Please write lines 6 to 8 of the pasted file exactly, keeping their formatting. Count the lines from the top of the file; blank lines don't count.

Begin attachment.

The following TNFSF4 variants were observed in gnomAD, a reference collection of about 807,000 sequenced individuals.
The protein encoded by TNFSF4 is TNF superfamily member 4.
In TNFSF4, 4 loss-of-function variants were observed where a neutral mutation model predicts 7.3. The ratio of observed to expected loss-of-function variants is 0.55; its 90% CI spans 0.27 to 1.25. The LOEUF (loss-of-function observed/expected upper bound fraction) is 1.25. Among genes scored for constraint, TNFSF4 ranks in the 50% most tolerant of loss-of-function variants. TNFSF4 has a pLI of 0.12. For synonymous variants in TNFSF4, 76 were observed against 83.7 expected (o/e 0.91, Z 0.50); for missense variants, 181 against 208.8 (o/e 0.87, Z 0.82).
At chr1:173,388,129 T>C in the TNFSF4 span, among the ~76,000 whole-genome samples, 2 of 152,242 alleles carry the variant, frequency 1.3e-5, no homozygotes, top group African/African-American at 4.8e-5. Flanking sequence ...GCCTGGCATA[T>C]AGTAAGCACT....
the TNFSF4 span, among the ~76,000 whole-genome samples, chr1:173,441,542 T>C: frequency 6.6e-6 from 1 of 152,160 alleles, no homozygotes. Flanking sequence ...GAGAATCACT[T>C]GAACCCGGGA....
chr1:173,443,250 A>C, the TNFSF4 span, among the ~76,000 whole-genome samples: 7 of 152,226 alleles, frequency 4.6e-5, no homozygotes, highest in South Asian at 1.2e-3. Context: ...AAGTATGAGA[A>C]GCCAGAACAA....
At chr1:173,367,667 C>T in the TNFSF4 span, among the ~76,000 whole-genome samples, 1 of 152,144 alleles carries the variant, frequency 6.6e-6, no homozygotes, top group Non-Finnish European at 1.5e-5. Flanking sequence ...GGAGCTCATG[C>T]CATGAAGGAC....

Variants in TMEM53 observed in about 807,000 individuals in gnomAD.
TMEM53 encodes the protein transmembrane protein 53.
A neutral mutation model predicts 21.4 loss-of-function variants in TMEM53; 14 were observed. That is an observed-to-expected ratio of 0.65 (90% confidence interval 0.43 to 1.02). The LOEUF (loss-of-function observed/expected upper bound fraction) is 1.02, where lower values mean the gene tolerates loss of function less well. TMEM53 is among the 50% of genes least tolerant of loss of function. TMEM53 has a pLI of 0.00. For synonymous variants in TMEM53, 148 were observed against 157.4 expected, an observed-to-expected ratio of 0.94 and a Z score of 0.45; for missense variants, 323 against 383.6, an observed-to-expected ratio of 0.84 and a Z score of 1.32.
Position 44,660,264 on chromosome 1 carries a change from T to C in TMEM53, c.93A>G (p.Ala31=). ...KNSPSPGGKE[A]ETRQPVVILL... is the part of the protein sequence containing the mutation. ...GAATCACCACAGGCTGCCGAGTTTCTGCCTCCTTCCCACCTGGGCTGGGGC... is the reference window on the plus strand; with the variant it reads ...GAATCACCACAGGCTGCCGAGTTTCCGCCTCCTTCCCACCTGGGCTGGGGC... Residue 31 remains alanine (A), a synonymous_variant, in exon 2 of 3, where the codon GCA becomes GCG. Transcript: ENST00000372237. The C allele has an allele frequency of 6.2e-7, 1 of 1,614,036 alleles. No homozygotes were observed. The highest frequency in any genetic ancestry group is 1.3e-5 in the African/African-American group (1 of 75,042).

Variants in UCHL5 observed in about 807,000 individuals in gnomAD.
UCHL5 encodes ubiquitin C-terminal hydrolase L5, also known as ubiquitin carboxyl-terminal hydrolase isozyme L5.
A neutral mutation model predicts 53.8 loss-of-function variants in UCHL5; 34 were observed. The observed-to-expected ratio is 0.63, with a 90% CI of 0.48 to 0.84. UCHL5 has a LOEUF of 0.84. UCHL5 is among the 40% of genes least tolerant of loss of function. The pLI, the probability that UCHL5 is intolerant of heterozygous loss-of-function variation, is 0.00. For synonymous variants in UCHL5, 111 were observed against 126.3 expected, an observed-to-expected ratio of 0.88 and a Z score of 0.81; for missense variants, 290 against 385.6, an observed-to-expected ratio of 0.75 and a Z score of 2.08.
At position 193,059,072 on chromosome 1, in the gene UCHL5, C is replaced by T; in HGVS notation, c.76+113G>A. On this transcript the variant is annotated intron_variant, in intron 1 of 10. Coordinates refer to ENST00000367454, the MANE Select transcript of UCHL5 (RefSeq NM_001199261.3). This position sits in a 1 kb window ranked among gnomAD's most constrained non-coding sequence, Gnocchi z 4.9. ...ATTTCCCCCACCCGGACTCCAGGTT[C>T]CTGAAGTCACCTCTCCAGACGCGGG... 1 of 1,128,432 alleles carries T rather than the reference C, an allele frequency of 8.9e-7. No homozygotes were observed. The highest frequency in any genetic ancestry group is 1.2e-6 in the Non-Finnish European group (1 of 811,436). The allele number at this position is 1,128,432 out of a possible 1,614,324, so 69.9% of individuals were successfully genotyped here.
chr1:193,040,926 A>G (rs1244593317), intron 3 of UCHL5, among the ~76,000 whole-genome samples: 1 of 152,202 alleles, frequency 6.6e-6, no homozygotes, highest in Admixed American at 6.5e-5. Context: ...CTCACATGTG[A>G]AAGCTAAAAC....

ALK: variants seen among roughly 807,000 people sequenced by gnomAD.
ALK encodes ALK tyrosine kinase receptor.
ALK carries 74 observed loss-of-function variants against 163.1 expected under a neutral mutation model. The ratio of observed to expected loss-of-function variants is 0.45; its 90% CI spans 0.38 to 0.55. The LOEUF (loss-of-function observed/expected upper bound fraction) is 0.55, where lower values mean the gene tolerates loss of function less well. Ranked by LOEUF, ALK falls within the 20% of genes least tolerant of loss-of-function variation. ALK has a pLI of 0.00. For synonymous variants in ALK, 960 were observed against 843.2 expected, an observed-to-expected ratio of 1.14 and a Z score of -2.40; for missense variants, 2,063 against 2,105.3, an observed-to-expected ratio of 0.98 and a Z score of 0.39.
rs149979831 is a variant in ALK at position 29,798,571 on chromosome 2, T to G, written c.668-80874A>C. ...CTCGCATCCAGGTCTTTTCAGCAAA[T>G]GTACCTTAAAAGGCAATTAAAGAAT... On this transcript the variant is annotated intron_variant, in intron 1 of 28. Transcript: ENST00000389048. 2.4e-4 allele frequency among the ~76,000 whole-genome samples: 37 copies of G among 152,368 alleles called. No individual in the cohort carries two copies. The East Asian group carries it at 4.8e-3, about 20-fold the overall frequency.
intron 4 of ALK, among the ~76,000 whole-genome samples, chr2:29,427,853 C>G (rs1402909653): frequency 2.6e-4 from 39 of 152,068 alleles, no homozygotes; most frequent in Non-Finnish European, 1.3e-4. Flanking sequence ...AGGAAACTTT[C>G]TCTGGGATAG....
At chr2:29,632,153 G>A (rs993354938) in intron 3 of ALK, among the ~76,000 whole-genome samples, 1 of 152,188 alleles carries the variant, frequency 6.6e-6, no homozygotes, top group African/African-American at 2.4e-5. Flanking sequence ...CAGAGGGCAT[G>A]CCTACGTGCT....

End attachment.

chr1:173,443,250 A>C, the TNFSF4 span, among the ~76,000 whole-genome samples: 7 of 152,226 alleles, frequency 4.6e-5, no homozygotes, highest in South Asian at 1.2e-3. Context: ...AAGTATGAGA[A>C]GCCAGAACAA....
At chr1:173,367,667 C>T in the TNFSF4 span, among the ~76,000 whole-genome samples, 1 of 152,144 alleles carries the variant, frequency 6.6e-6, no homozygotes, top group Non-Finnish European at 1.5e-5. Flanking sequence ...GGAGCTCATG[C>T]CATGAAGGAC....

Variants in TMEM53 observed in about 807,000 individuals in gnomAD.